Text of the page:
He was the only black person at the affair.

 

As I worked on my second helping of ribs, he sat with his head on the table, almost dozing off.

 

“Tell me,” I said. “Would you rather be here or home?”

 

He paused, apparently not wanting to seem ungrateful, then smiled and said, “Home.”

 

For him, happiness was the familiar, not the strange.

 

The familiar is comfortable and predictable. While I can’t document this, I have heard of a study showing that people, if given the chance to exchange all their problems and ills with the problems and ills of another person, would decline. If true, this is further evidence that no matter who we are, we like our lives.

 

Andy-Capp-Cartoon Pictures (1)It’s been said that England is defined by its class structure, and that people recognize and take pride in their station, be it high or low. They wear cloths and banners proclaiming their class – like the Jeff cap worn by the working-class cartoon character Andy Capp.

 

I don’t think we do that in America, but maybe I’m just blind to it. Either way, listening closely to “Big Rock Candy Mountain” has made me believe that America, for all its problems, is a land of contentment for both the haves and have-nots.

 

It’s so content that most don’t even vote.

 

While a peaceful populace has its advantages, it also has its dangers. Injustices are easily wrought upon the passive. Eventually, they create a destabilizing imbalance that will harm everyone – even their originators.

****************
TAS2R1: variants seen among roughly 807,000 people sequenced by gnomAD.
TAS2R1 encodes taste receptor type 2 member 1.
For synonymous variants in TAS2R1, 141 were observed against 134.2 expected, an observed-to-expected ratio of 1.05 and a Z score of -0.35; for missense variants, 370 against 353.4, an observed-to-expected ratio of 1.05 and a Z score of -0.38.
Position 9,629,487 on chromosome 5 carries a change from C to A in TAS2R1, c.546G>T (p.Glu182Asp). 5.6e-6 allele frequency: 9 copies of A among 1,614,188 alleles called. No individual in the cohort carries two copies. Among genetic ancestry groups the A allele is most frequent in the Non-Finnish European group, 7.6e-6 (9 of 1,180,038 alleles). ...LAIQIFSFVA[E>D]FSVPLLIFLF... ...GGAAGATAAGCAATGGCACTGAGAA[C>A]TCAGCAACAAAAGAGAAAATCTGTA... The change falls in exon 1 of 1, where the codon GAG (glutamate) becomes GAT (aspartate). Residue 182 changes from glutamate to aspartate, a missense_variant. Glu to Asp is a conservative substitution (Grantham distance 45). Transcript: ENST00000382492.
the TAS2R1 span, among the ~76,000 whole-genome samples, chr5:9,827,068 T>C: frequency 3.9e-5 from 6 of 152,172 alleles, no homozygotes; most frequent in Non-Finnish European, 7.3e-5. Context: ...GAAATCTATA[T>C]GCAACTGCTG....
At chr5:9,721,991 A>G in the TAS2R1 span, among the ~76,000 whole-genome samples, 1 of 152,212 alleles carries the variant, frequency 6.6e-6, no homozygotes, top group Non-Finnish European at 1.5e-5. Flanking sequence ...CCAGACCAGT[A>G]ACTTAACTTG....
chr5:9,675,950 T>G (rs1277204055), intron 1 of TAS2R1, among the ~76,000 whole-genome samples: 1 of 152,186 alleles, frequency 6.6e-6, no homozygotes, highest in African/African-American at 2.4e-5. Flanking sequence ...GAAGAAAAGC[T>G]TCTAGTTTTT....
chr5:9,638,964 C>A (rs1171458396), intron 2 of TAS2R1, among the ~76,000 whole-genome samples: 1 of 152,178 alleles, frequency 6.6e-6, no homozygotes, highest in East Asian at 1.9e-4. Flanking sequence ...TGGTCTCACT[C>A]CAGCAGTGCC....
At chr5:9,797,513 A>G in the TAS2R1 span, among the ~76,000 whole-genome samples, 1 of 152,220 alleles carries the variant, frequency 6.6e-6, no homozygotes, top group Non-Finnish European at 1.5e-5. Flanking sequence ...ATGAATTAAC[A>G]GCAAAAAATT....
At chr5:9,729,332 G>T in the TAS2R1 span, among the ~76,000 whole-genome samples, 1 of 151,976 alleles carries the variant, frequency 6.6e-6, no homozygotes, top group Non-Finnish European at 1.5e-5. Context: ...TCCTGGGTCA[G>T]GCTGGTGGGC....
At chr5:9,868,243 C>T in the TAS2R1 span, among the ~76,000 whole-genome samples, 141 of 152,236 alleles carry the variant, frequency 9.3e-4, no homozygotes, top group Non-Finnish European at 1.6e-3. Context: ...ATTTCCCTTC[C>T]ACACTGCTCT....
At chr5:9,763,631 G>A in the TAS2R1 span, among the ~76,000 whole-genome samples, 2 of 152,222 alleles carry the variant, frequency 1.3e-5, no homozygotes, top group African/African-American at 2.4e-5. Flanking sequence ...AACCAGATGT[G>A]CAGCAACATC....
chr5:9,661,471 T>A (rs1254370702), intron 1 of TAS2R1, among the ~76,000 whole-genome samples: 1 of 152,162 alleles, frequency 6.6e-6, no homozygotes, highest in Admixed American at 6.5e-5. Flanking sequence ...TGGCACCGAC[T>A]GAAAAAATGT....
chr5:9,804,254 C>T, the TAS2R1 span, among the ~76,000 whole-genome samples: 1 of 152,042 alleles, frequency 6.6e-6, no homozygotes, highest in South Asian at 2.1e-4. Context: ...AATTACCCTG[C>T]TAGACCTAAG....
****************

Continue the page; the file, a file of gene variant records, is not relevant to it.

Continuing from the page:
Income inequality is such an imbalance. In nations, stability and economic might are derived from a deep, viable, productive middle class, with a minimum of poverty and want. But when wealth is concentrated among the few, as has occurred in the U.S., the whole system is threatened because the many stop spending.

 

An alarm was sounded recently by Standard and Poor’s, the bond-rating company. It released a study showing that income inequality is responsible for a slowdown in the American economy. A headline on Fortune.com read:

More concentrated wealth means less spending than if money was spread to more people, according to a new report.

 

This realization, and others like it, is putting income inequality on the national agenda. Balance, to some degree, eventually will be restored. But it is because the elite acted, not the complacent.

 

I realize people get set in their ways; that they like routine and follow habits religiously. Still, there comes a point when routine is dispensed with in order to preserve dignity, honor and respect that were compromised by imbalance. At home, this happened in Ferguson, Missouri. Abroad, it happened in Gaza. The wise nation will avoid such flashpoints. More common is that they will act after the fact.

 

The better way, at least in the U.S., is self-action prior to the flashpoints.

 

We all need to get off the Big Rock Candy Mountain and take personal responsibility for our collective fate. Areas of concern are fairness, equal opportunity, equal treatment, social justice and civility. Legislation and tax policy must be designed for large segments of the population rather than small.

 

Key tools: Vocalization and voting.